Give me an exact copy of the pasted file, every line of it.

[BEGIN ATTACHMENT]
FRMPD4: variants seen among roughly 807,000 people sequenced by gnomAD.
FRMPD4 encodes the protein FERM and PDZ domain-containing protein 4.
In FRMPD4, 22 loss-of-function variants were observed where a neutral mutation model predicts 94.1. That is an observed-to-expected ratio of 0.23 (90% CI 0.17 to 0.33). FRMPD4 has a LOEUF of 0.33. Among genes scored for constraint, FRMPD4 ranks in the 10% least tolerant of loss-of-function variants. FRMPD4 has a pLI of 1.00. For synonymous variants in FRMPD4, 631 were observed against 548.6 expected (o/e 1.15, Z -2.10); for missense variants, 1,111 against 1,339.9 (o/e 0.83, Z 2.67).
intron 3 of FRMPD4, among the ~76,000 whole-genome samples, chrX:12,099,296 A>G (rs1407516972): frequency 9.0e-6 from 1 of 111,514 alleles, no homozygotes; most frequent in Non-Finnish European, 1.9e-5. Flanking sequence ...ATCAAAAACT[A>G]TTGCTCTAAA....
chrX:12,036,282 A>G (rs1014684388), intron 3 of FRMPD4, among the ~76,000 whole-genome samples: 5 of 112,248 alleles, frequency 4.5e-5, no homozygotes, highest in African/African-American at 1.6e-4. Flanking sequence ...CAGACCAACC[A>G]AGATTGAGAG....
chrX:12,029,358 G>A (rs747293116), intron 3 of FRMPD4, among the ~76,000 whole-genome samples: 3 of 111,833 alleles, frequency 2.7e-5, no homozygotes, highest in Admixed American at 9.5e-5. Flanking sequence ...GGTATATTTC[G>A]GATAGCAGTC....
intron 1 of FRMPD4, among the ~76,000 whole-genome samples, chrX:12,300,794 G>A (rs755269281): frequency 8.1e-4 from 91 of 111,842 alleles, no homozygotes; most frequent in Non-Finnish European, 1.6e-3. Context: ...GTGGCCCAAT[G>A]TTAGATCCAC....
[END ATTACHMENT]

FRMPD4: variants seen among roughly 807,000 people sequenced by gnomAD.
FRMPD4 encodes the protein FERM and PDZ domain-containing protein 4.
In FRMPD4, 22 loss-of-function variants were observed where a neutral mutation model predicts 94.1. That is an observed-to-expected ratio of 0.23 (90% CI 0.17 to 0.33). FRMPD4 has a LOEUF of 0.33. Among genes scored for constraint, FRMPD4 ranks in the 10% least tolerant of loss-of-function variants. FRMPD4 has a pLI of 1.00. For synonymous variants in FRMPD4, 631 were observed against 548.6 expected (o/e 1.15, Z -2.10); for missense variants, 1,111 against 1,339.9 (o/e 0.83, Z 2.67).
intron 3 of FRMPD4, among the ~76,000 whole-genome samples, chrX:12,099,296 A>G (rs1407516972): frequency 9.0e-6 from 1 of 111,514 alleles, no homozygotes; most frequent in Non-Finnish European, 1.9e-5. Flanking sequence ...ATCAAAAACT[A>G]TTGCTCTAAA....
chrX:12,036,282 A>G (rs1014684388), intron 3 of FRMPD4, among the ~76,000 whole-genome samples: 5 of 112,248 alleles, frequency 4.5e-5, no homozygotes, highest in African/African-American at 1.6e-4. Flanking sequence ...CAGACCAACC[A>G]AGATTGAGAG....
chrX:12,029,358 G>A (rs747293116), intron 3 of FRMPD4, among the ~76,000 whole-genome samples: 3 of 111,833 alleles, frequency 2.7e-5, no homozygotes, highest in Admixed American at 9.5e-5. Flanking sequence ...GGTATATTTC[G>A]GATAGCAGTC....
intron 1 of FRMPD4, among the ~76,000 whole-genome samples, chrX:12,300,794 G>A (rs755269281): frequency 8.1e-4 from 91 of 111,842 alleles, no homozygotes; most frequent in Non-Finnish European, 1.6e-3. Context: ...GTGGCCCAAT[G>A]TTAGATCCAC....